Paris Transatlantic Magazine

End Of An Ear

By: Dan Warburton


Language: English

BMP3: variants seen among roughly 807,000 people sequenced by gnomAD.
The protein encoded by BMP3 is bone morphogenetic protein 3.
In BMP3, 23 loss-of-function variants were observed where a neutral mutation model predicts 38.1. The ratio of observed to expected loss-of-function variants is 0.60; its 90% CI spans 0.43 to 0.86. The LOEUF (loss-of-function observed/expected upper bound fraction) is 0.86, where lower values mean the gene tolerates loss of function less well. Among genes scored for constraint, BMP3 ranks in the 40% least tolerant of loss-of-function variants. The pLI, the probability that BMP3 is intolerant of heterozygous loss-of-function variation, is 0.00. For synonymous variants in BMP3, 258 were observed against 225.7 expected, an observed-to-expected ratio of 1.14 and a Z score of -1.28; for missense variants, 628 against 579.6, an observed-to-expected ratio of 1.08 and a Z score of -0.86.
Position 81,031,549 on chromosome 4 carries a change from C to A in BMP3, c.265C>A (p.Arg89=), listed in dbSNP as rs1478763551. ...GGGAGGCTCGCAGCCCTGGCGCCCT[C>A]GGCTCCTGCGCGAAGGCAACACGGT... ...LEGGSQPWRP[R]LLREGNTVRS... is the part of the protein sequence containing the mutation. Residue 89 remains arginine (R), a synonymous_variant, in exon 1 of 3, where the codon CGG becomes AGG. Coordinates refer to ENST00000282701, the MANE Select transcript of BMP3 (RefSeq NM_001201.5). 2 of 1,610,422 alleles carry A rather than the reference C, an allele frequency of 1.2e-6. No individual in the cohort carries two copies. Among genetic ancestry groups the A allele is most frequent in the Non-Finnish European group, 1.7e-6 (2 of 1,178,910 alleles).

Richard Barrett first came to my attention as a composer loosely affiliated to the so-called New Complexity movement (Brian Ferneyhough, James Dillon, Michael Finnissy et al.) – an early album of instrumental music by the Australian Elision Ensemble on Etcetera is still well worth seeking out – but realising that spending the best part of a year writing a piece that would require about as much rehearsal time and be over and done with in less time than it takes to make a cup of tea is a noble if somewhat thankless endeavour, he did what most sane mortals would do and took up improvisation. But the music he creates with electronics is the perfect illustration of Radu Malfatti was on about when he rather provocatively compared Evan Parker to Ferneyhough in his 2001 PT interview (“[Evan’s] work also is ‘unplayable’ – at least for others – and he seems to be as interested in virtuosity as good old Brian is”). Unlike his previous albums with Paul Obermayer in Furt, Barrett is teamed up here with Ute Wassermann, whose voice also appears to be at the origin of many of the sounds he conjures up from his boxes of tricks. Once more it’s thorny stuff, splats, fizzes and gurgles hurled around the stereo space with glorious (seeming) abandon, but it’s somehow more human and touching than Furt. Put that down no doubt to Wassermann, who manages to explore a whole range of whistles, gargles and yodels without ever sounding as if she’s dying / giving birth to triplets / trying to stifle an orgasm (delete where appropriate according to the improvising vocalist of your choice). All in all, it’s a thrilling ride. As for the cover photography, if that’s pollen magnified several thousand times, no wonder I suffer from hay fever. So get your allergy tablets, hankies and inhalers at the ready and get a noseful of this.